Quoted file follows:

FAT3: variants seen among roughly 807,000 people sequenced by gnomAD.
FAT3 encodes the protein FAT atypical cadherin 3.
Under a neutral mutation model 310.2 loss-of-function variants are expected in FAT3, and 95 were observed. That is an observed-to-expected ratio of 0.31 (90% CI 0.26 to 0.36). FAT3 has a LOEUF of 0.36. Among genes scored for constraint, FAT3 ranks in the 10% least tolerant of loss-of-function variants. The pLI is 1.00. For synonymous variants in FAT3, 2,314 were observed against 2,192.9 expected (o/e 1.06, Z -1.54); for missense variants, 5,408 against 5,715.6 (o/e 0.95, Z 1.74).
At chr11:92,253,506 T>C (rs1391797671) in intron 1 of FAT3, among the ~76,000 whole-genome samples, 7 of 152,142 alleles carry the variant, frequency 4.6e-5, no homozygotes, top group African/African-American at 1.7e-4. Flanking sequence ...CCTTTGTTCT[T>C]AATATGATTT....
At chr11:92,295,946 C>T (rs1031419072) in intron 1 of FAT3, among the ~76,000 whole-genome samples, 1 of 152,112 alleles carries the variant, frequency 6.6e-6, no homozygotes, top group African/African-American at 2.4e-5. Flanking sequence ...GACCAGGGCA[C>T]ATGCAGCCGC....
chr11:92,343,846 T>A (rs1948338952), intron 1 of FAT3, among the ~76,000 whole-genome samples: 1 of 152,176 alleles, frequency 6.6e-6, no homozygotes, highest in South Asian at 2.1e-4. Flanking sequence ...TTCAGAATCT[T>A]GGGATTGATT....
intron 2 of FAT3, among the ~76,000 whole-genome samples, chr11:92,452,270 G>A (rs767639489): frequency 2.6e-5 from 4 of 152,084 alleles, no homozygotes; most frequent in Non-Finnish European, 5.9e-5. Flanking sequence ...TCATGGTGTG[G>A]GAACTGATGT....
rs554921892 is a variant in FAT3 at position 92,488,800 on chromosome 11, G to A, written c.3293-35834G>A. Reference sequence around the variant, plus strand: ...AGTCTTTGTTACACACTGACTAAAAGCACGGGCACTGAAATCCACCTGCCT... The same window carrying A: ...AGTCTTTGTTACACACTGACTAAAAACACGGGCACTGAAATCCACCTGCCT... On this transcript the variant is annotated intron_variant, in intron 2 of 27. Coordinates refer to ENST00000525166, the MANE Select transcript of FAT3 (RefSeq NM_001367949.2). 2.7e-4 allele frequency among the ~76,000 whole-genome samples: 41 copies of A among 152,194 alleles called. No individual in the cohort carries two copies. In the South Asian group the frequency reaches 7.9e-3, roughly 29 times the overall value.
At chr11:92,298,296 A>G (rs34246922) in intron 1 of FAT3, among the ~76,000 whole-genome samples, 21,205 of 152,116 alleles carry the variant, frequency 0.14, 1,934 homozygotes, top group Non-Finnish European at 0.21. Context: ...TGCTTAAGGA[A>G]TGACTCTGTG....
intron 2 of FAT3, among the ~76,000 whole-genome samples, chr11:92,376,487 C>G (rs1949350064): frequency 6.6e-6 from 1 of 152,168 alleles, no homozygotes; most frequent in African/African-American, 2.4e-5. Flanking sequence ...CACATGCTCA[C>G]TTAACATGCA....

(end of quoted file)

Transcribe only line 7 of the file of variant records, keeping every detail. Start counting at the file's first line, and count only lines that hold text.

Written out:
intron 2 of FAT3, among the ~76,000 whole-genome samples, chr11:92,452,270 G>A (rs767639489): frequency 2.6e-5 from 4 of 152,084 alleles, no homozygotes; most frequent in Non-Finnish European, 5.9e-5. Flanking sequence ...TCATGGTGTG[G>A]GAACTGATGT....